Mitochondria perform and support several vital functions in a cell, and the alternate genome, mtDNA, plays a critical role in organelle maintenance. There is increasing evidence that mitochondrial function declines with age, and that dysfunctional mitochondria adversely contribute to several metabolic and neuromuscular diseases. Our goal is to address age-acquired and inborn errors of mutation in the mtDNA using a gene therapy approach. We are exploring:
- allotopic expression (expressing mtDNA genes from the nucleus), and
- whole-organelle replacement
as strategies to revitalize mitochondrial function. Our multidisciplinary approach employs cell culture and mouse models to achieve our objectives.
Allotopic Expression of Proteins Encoded in the Mitochondrial DNA
Mitochondria are the ‘power plants’ in every mammalian cell responsible for the efficient conversion of nutrients to energy. Impaired mitochondrial function and mutations in mtDNA contribute to several age-related illnesses, including Alzheimer’s Disease, Parkinson’s disease, and sarcopenia. Point mutations in any of the 13 protein-coding regions, as well as micro- and macro- deletions in the mtDNA, lead to several monogenic and organelle-specific diseases (MELAS, MEERF, LHON, Leigh’s disease to name a few). However, alterations in the OriH / OriL regions in the mtDNA can lead to global impairment in the transcription and translation of the mitochondrial genome. The mitochondrial proteome, however, consists of ~1400 proteins of which all except for the 13 polypeptides translated on the mitochondrial genome originate from the host’ nucleus. Over the course of evolution, mitochondria have developed sophisticated mechanisms to import these nuclear mitochondrial proteins. These mechanisms employ intricate translocases and signals, which are directed to different regions within the organelle.
The goal of this project is to determine how we might achieve optimal parameters for coding and non-coding regions to efficiently express and target the 13 mtDNA genes to the respiratory chain from the nucleus. Toward this end, we employ molecular biology, biochemistry and computational strategies, and refine and build on our existing knowledge of import conditions for the numerous nuclear mitochondrial proteins already delineated. We use patient-derived cybrids and animal models in assessing the functional utility of our constructs. Ultimately, we aim to express the mtDNA genes individually or in combination to overcome age-related changes to the mtDNA and improve overall organelle fitness. Please see here for recent progress on this project.
Reversing Age-Induced Mitochondrial Damage through Organelle Transplantation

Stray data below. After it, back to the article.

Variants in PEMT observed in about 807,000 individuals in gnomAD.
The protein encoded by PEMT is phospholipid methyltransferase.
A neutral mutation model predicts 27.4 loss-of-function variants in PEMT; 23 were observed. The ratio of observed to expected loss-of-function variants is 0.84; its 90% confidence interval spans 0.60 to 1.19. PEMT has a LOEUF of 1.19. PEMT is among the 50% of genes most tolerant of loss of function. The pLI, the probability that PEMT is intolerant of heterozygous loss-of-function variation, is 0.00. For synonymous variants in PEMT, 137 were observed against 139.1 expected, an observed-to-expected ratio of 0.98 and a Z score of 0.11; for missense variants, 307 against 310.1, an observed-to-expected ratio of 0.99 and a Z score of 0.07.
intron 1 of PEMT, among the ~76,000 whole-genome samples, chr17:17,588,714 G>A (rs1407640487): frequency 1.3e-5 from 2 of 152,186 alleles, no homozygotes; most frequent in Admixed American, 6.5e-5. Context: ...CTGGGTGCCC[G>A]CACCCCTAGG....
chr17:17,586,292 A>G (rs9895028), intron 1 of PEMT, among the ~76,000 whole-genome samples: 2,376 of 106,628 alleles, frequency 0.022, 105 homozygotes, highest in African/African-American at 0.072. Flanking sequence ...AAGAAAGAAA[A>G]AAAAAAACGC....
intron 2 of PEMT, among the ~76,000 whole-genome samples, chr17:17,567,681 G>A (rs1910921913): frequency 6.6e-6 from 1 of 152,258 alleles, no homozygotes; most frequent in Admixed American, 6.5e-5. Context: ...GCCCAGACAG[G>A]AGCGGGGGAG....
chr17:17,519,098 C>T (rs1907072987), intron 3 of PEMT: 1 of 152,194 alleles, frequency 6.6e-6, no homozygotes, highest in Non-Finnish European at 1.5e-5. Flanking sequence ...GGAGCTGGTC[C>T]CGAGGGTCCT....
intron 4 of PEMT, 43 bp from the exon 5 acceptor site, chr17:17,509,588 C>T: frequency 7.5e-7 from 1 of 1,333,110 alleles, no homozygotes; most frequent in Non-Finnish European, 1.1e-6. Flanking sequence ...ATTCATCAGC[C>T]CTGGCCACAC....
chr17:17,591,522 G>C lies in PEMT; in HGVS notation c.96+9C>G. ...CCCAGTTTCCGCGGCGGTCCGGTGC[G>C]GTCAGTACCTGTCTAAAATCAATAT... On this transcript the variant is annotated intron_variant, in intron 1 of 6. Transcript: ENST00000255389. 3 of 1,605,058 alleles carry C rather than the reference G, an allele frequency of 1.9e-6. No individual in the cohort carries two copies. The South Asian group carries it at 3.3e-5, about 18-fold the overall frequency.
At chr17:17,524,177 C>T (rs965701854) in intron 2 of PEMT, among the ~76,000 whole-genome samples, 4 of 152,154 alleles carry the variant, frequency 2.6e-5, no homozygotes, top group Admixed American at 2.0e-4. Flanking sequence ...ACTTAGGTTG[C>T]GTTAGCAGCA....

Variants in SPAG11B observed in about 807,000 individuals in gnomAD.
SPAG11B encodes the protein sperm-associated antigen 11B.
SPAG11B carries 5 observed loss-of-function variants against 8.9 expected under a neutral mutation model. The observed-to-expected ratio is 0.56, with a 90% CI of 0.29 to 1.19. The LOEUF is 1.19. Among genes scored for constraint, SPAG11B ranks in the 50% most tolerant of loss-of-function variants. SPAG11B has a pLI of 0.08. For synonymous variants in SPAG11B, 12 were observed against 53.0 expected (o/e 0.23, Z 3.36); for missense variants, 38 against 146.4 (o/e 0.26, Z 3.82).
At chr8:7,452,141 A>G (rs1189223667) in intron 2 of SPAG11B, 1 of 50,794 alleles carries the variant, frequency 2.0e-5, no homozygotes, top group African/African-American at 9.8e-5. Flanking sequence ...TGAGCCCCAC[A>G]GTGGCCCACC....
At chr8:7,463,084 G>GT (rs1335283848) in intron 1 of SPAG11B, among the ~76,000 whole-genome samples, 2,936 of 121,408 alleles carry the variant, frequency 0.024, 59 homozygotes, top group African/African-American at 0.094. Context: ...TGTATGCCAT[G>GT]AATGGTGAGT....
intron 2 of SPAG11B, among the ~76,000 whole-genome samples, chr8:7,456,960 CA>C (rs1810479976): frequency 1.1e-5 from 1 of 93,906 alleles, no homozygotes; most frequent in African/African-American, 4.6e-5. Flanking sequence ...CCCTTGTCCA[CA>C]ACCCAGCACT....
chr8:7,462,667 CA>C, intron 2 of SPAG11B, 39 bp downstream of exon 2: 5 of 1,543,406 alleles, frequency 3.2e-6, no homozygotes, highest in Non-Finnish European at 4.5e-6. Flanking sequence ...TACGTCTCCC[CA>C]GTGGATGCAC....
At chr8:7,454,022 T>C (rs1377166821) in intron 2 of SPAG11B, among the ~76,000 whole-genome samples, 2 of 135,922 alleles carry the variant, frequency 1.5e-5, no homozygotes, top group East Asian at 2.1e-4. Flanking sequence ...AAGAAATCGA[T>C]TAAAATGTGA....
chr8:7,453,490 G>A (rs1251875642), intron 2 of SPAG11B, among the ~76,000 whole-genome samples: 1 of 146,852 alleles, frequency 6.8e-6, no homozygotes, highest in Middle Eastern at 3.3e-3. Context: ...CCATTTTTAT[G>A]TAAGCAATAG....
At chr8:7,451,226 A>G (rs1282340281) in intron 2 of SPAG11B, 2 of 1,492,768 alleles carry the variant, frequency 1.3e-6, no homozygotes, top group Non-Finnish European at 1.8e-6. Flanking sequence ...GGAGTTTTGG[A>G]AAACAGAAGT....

Intercellular mitochondria exchange occurs naturally in the human body between cell types, typically between healthy and damaged cells. Three different transfer mechanisms have been observed:
- stem cells release naked mitochondria that are taken up by other cells,
- mitochondria are released extracellularly, enclosed in vesicles that are in turn taken up by recipient cells (possibly via endocytosis), or
- mitochondria migrate from one cell to another through specialized structures in vivo, such as nanotubes.
The goal of this project is to evaluate the potential of mitochondrial transfer to counteract age-related loss of tissue function. We aim to develop strategies to purify viable mitochondria and deliver them to target regions in the body.
Amutha Boominathan, PhD
Bhavna Dixit, MS (Research Associate II)
David Begelman, BS (Research Associate I)
Carly Truong, BS (Research Technician)
Jay-Miguel Fonticella (Class of 2022, Tufts University, BS)
Emily Wallace (Class of 2024, U Mich. BSE)
Summer Scholars and Postbaccalaureate Fellows
- Ali Crampton (Summer Scholar, 2012; Summer Scholar, 2013) – continued to Graduate School, University of Minnesota
- Summer Wang (Summer Scholar, 2014) – continued to Graduate School, Columbia University
- Natalie Friedricks (Summer Scholar, 2015) – continued to Medical School, University of Southern California
- Elizabeth Batiuk (Summer Scholar, 2016) – continued to Medical School, University of Portland
- Jasmine Zhao (Summer Scholar, 2017) – continued to Medical School, University of Southern California
- Michaela Copp (Summer Scholar, 2017) – continued to Graduate School, University of North Carolina
- Martina Velichkovska (Summer Scholar, 2018) – continued to Graduate School, University of California, Berkeley
- Carter Hall (Postbaccalaureate Fellow, 2018-2019) – continued to MS Health Administration, University of Alabama
- Sanjana Saravanan (Summer Scholar, 2019; Postbaccalaureate Fellow, 2019-2020) – continued to research at Stanford University
- Nana Anti (Postbaccalaureate Fellow, 2019-2020) – continued to Medical School, Loma Linda University
- Aly Ung (Summer Scholar, 2020)
- Carly Truong (Postbaccalaureate Fellow, 2020-2021) – continued to research here in the Boominathan lab
- Lauren Kirk (Postbaccalaureate Fellow, 2020-2021) – continued to research at University of Pennsylvania
- Dixit B, Vanhoozer S, Anti NA, O’Connor M S, Boominathan A. Rapid enrichment of mitochondria from mammalian cell cultures using digitonin. 2021 MethodsX, 8. https://doi.org/10.1016/j.mex.2020.101197
- Lewis CJ, Dixit B, Batiuk E, Hall CJ, O’Connor MS, Boominathan A. Codon optimization is an essential parameter for the efficient allotopic expression of mtDNA genes. Redox Biol. 2020 Feb;30:101429. doi: 10.1016/j.redox.2020.101429. Epub 2020 Jan 11. PMID: 31981894; PMCID: PMC6976934.
- Boominathan A, Vanhoozer S, Basisty N, Powers K, Crampton AL, Wang X, Friedricks N, Schilling B, Brand MD, O’Connor MS. Stable nuclear expression of ATP8 and ATP6 genes rescues a mtDNA Complex V null mutant. Nucleic Acids Res. 2016 Nov 2;44(19):9342-9357. doi: 10.1093/nar/gkw756. Epub 2016 Sep 4. PMID: 27596602; PMCID: PMC5100594.